First, you fill up glass (only glass) jars with filtered water. I like strong tea, so I use 6 to 8 tea bags per 1/2 gallon jar. Only use black, white or green tea. No herbal or flavored. Set it in the sun for several hours, as the sun will energize the water, and it is easy.

Second, you take out the finished Kombucha from your first fermentation jar ( only glass) and put it into glass bottles or jars which have tight fitting lids. Take out 3/4 of the liquid and leave the scobys and 1/4 Kombucha for your new batch.

Third, you will flavor your Kombucha. Here I have fresh strawberries in one jar, fresh peaches in another, fresh cherries in another and fresh ginger with organic lemons in another. If you are going to use citrus with the rind, use organic, if you don’t have organic citrus, then just squeeze the juice into the Kombucha and throw away the rind.

Fourth, after your fruit is in, you need to add some sweetener. You can use honey, maple syrup, sugar… At Middle Eastern markets you can find amazing fruit syrups that are only sugar and fruit. I usually put a teaspoon to a tablespoon of sweetener in this second fermentation, depending how sweet the plain Kombucha was. Put the lid on very tight and keep out of the refrigerator for three days or so. Do not open, or you will let out all of the fizz. Refrigerate after three days and enjoy. Do NOT shake, and sometimes it will be so fizzy you have to open it over a glass. Other flavorings for the second fermentation are fragrant rose petals, lavender, any herbs mixes like hibiscus…., green chilies, any other fruit…

Fifth. Now you have your scobys and 1/4 of your Kombucha. You should not rinse your scoby, but can pull them apart and share with others, or have multiple batches going if you don’t have a big jar. I wash the jar on every other batch. I also keep all of my scobys together because it brews faster and we like strong Kombucha. The scoby may sink or float, but the brown yeasty side should be facing down. Now you add sugar. My proportions are 1/2 cup per 1/2 gallon of suntea. I took two gallons of Kombucha out of this jar, so I add two cups sugar.

Now add your strong sun tea.

Brown yeasty side of scoby goes down. You can stir a bit, but don’t worry that there is sugar at the bottom of the jar. The scoby will eat that, and it is so much easier than making tea on the stove. Absolutely never heat your water in a microwave to make your tea (or anything else for that matter.)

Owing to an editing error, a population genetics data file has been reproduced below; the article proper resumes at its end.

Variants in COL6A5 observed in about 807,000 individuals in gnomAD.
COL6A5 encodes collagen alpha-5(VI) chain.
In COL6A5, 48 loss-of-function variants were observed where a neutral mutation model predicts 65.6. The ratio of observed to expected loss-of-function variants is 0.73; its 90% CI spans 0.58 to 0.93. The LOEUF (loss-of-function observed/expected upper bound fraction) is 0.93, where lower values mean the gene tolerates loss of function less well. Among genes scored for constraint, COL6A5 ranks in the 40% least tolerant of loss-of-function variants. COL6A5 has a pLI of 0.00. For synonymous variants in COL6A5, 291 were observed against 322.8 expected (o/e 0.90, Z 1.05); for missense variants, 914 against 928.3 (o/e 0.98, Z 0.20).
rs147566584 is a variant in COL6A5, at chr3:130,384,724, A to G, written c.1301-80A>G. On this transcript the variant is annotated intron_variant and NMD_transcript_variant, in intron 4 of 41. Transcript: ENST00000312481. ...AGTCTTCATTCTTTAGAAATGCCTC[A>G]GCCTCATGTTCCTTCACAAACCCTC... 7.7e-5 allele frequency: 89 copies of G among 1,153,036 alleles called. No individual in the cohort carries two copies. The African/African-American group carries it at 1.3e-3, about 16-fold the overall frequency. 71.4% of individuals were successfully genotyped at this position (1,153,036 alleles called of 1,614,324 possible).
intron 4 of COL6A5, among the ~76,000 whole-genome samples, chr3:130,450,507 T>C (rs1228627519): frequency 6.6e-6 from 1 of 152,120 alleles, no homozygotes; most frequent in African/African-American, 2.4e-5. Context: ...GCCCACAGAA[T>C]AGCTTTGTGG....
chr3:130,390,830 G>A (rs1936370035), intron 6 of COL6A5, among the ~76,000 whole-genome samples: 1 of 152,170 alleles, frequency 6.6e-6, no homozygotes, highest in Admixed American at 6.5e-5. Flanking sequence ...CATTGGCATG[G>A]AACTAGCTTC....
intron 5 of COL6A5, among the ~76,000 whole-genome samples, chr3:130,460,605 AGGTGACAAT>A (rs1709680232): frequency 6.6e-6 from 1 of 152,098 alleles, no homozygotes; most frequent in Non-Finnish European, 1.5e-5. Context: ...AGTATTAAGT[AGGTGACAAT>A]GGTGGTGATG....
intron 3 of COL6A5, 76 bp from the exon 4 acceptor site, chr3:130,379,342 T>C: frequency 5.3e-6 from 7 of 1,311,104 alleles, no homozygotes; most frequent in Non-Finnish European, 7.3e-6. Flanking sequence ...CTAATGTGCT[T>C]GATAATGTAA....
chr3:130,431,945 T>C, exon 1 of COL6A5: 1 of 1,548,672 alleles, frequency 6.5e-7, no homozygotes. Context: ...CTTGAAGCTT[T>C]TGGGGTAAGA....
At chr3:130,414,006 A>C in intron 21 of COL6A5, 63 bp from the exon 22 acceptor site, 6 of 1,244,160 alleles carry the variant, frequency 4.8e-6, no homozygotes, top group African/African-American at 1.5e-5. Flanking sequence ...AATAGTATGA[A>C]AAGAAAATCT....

Most instructions tell you to now place a cloth over your first fermentation of Kombucha. I like to have a lid on mine, for obvious reasons for those who have visited our farm, and it stays clean and I just do not put the lid on tight. If your lid is unlined metal, put wax paper or a ziplock bag under the lid. Now the first fermentation jar will ferment for about a week, at room temperature, or until it tastes good, not too sweet and not too vinegary. If it is not strong enough, and no longer sweet, add more sugar and wait a few more days.

If it is way too vinegary, don’t throw it away. It makes an awesome barbecue sauce, salad dressing, or hair rinse. You can make your own kombucha scoby with raw, plain kombucha and a little time. You can get raw, plain kombucha from the health food store, or from a friend and you can add sugar and sun tea and wait until scobys form. This jar makes scobys all by itself. It was from a batch that I let get way too vinegary. I periodically put the baby scobys in my big batch. I like to keep this jar going so I can use it for the things listed above. Note to self: do not bring kombucha into the shower for a hair rinse in a small mason jar. Been there, done that, cut feet. 🙂

Update:  I am switching to a continuous method of making Kombucha instead of feast and famine batches.  This way  we do not run out of kombucha, nor do i have to wonder how I am going to get five half gallon jars of kombucha in my refrigerator when the second brewing process is complete.

Here is the method.

Remove one half gallon of finished kombucha from your large first fermentation batch.  Add your fruit or other flavorings and one teaspoon to one tablespoon of sweetener and screw the lid on tight, or then pour this mixture into smaller bottles or jars with tight fitting lids for individual servings.  Place in room temperature for about 3 days and then put in refrigerator.

The same proportions apply to replenish your first fermentation batch:  Since you have removed one half gallon of finished kombucha from your first fermentation batch you are going to replace it with one half gallon of filtered water with eight tea bags (or equivalent amounts of loose tea) placed in the sun for six to eight hours.  Strain out the loose tea, or remove the tea bags and pour the tea into the first fermentation kombucha continuous container.   Pour in one half cup of sugar and stir well.  If your scoby sinks for a while that is ok, just try and have the smooth whitish side facing up and the brown yeasty side facing down.

Now you will be making smaller batches a few times a week, or whenever you run out, and the first fermentation will ferment faster.

Does this make sense?  Let me know if you have any questions or kombucha experiences of your own.

11 thoughts on “Kombucha

  1. i am excited to try my hand at making kombucha using your directions. i was able to find raw organic kombucha at our supermarket but they were all flavored. can i just go ahead and try? or is this one of those been there and done that experiences? thanks.

    • I do think you could try, but I bet you could find a health food store that has the plain raw kombucha. Where are you located? Maybe next week I could send you a scoby if you like.

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